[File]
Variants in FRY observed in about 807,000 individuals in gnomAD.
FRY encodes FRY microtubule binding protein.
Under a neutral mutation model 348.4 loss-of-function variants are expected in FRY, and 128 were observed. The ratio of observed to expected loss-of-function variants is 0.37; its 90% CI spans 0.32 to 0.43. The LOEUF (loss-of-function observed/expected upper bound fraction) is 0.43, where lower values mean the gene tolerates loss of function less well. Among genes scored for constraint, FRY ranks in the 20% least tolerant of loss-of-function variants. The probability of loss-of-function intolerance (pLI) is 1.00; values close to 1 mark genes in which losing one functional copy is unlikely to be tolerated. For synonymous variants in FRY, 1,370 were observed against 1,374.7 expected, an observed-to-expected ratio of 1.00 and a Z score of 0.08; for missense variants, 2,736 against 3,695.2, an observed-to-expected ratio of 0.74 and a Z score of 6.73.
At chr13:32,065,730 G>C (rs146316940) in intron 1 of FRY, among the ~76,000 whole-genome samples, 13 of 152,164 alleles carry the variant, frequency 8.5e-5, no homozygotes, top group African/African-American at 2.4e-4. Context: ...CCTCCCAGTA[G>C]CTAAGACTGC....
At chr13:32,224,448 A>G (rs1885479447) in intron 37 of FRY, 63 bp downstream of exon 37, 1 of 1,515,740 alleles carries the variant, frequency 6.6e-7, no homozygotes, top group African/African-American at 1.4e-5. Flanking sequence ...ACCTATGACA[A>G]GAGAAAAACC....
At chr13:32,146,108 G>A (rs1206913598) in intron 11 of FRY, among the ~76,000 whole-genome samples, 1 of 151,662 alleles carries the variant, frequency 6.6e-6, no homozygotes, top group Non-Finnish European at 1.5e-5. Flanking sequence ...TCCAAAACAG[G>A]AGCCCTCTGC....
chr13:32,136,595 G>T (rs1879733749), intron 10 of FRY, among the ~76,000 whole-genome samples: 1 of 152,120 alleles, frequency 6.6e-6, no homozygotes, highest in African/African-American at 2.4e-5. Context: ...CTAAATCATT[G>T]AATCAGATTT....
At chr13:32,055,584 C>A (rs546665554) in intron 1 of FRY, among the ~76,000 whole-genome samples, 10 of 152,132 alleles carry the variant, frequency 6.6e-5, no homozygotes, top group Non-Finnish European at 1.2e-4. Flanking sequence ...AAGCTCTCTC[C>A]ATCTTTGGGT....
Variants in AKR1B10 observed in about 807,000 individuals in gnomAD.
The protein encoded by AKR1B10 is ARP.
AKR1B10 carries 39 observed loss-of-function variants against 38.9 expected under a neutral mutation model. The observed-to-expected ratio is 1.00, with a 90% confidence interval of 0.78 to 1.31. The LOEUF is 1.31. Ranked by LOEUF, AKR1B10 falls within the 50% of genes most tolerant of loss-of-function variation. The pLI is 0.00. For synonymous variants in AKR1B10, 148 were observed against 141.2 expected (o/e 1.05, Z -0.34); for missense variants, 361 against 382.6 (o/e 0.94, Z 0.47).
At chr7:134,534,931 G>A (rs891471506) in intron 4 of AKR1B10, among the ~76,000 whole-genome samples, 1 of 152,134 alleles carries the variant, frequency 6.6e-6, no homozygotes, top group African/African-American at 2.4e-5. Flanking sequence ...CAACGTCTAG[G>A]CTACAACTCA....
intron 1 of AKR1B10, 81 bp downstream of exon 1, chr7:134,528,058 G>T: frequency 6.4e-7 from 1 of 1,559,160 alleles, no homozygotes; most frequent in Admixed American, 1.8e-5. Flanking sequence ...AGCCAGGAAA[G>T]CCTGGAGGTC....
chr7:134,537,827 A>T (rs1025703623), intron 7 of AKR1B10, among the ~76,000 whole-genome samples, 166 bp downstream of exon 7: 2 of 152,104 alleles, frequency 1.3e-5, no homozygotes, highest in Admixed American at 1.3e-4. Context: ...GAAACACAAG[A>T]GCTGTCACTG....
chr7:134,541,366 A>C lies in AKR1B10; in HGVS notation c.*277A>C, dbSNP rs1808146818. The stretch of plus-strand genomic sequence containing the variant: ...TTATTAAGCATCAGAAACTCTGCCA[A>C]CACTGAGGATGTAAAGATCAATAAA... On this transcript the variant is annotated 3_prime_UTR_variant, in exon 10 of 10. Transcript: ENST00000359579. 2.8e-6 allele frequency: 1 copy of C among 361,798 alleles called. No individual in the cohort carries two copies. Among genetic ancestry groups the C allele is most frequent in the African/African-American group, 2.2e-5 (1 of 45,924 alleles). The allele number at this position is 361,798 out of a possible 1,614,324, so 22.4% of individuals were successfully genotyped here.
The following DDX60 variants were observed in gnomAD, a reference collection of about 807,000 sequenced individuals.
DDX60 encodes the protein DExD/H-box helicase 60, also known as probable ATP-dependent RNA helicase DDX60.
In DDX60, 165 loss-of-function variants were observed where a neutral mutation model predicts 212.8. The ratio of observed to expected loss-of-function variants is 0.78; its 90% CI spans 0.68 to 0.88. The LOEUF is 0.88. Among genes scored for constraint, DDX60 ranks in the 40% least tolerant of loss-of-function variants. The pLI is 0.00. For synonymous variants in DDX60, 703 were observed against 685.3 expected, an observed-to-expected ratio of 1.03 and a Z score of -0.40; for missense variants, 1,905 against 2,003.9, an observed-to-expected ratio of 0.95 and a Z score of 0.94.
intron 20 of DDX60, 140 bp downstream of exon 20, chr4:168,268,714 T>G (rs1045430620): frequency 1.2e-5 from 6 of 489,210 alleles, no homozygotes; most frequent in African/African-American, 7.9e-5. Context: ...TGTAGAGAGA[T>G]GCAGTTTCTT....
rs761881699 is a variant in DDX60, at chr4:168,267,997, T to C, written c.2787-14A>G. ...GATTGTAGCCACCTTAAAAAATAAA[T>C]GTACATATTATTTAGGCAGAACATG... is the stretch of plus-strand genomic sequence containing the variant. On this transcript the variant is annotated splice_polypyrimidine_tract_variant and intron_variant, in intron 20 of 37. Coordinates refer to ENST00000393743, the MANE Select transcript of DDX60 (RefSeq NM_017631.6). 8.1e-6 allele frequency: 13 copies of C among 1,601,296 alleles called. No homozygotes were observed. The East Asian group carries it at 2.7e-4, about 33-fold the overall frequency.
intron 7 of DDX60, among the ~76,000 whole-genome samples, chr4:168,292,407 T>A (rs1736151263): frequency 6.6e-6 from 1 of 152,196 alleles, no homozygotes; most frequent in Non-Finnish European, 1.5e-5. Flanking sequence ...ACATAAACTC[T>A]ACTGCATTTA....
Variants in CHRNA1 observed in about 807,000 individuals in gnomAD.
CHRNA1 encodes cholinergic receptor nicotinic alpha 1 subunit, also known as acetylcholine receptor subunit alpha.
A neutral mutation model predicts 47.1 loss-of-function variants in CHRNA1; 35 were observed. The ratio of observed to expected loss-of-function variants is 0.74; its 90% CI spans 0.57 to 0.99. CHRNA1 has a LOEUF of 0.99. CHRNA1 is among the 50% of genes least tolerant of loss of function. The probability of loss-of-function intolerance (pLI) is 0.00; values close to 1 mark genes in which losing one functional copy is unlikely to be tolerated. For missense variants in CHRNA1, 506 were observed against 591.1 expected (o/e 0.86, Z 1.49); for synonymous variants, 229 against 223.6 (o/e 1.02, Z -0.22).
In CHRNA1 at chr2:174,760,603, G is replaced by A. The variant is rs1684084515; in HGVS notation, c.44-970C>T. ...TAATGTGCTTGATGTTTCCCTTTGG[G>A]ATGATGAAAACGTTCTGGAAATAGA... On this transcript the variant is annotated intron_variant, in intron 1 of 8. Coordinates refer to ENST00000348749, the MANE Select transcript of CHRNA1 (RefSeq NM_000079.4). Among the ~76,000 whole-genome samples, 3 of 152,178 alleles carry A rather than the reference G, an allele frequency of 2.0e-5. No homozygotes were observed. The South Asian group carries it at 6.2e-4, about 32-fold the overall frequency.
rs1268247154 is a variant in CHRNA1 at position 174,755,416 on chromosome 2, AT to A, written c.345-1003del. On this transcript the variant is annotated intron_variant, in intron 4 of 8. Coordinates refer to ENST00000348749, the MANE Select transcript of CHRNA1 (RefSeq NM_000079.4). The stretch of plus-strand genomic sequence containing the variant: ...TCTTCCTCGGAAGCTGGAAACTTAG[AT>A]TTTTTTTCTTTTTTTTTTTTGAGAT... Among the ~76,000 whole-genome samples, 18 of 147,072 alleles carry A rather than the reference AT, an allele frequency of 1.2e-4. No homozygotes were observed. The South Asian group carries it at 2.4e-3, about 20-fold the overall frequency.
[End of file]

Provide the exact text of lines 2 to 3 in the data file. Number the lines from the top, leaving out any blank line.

FRY encodes FRY microtubule binding protein.
Under a neutral mutation model 348.4 loss-of-function variants are expected in FRY, and 128 were observed. The ratio of observed to expected loss-of-function variants is 0.37; its 90% CI spans 0.32 to 0.43. The LOEUF (loss-of-function observed/expected upper bound fraction) is 0.43, where lower values mean the gene tolerates loss of function less well. Among genes scored for constraint, FRY ranks in the 20% least tolerant of loss-of-function variants. The probability of loss-of-function intolerance (pLI) is 1.00; values close to 1 mark genes in which losing one functional copy is unlikely to be tolerated. For synonymous variants in FRY, 1,370 were observed against 1,374.7 expected, an observed-to-expected ratio of 1.00 and a Z score of 0.08; for missense variants, 2,736 against 3,695.2, an observed-to-expected ratio of 0.74 and a Z score of 6.73.